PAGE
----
U.S. Clean Water Rule

The U.S. Environmental Protection Agency and the U.S. Army Corps of Engineers have finalized the Clean Water Rule, designed to protect and restore water sources nationwide. The rule will redevelop clear safeguards against unregulated pollution and destruction for nearly two million miles of streams and tens of millions of acres of wetlands in the continental U.S.

In this final rule, the agencies clarify the scope of “waters of the United States” that are protected under the Clean Water Act (CWA), based upon the text of the statute, Supreme Court decisions, the best available peer-reviewed science, public input, and the agencies’ technical expertise and experience in implementing the statute.

According to the EPA, the rule ensures that waters protected under the Clean Water Act are more precisely defined and predictably determined, making permitting less costly, easier, and faster for businesses and industry. The rule does not create any new permitting requirements for agriculture and maintains all previous exemptions and exclusions.

In developing the rule, the agencies held more than 400 meetings with stakeholders across the country, reviewed over one million public comments, and listened to perspectives from all sides. EPA and the Army also utilized the latest science, including a report summarizing more than 1,200 peer-reviewed, published scientific studies which showed that small streams and wetlands play an integral role in the health of larger downstream water bodies.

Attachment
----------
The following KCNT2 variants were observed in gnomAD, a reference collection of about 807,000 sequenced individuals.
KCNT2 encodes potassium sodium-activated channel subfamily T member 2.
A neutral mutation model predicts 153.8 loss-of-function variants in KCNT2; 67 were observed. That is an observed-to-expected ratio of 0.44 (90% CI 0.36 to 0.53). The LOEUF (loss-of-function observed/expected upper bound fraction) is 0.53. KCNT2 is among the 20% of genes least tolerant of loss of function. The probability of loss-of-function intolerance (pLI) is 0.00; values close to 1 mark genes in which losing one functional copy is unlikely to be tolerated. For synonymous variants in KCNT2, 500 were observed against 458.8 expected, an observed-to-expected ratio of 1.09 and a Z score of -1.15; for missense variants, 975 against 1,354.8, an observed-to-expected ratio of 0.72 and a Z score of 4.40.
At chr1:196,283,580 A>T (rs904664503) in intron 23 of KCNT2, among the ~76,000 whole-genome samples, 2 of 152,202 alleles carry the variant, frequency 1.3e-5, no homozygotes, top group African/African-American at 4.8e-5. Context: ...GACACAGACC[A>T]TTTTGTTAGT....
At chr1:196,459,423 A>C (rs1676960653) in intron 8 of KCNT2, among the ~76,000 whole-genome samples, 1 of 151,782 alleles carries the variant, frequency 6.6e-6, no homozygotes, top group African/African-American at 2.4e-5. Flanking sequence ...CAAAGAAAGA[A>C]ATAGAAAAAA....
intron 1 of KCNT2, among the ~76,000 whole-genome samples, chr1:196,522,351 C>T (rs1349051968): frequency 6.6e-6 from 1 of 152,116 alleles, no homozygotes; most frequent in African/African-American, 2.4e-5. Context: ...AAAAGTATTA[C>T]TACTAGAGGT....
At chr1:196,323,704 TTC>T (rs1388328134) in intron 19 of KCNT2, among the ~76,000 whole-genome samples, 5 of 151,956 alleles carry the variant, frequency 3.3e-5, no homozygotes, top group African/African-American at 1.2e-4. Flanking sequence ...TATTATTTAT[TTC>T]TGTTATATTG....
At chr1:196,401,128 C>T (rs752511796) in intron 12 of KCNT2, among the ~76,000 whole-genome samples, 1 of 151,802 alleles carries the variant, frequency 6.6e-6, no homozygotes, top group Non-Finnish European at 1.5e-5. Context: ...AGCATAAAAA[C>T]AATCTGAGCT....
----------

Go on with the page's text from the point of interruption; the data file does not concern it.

The EPA describes how “climate change makes protection of water resources even more essential. Streams and wetlands provide many benefits to communities by trapping floodwaters, recharging groundwater supplies, filtering pollution, and providing habitat for fish and wildlife. Impacts from climate change like drought, sea level rise, stronger storms, and warmer temperatures threaten the quantity and quality of America’s water. Protecting streams and wetlands will improve our nation’s resilience to climate change.”

 

Publication Date: June 1, 2015

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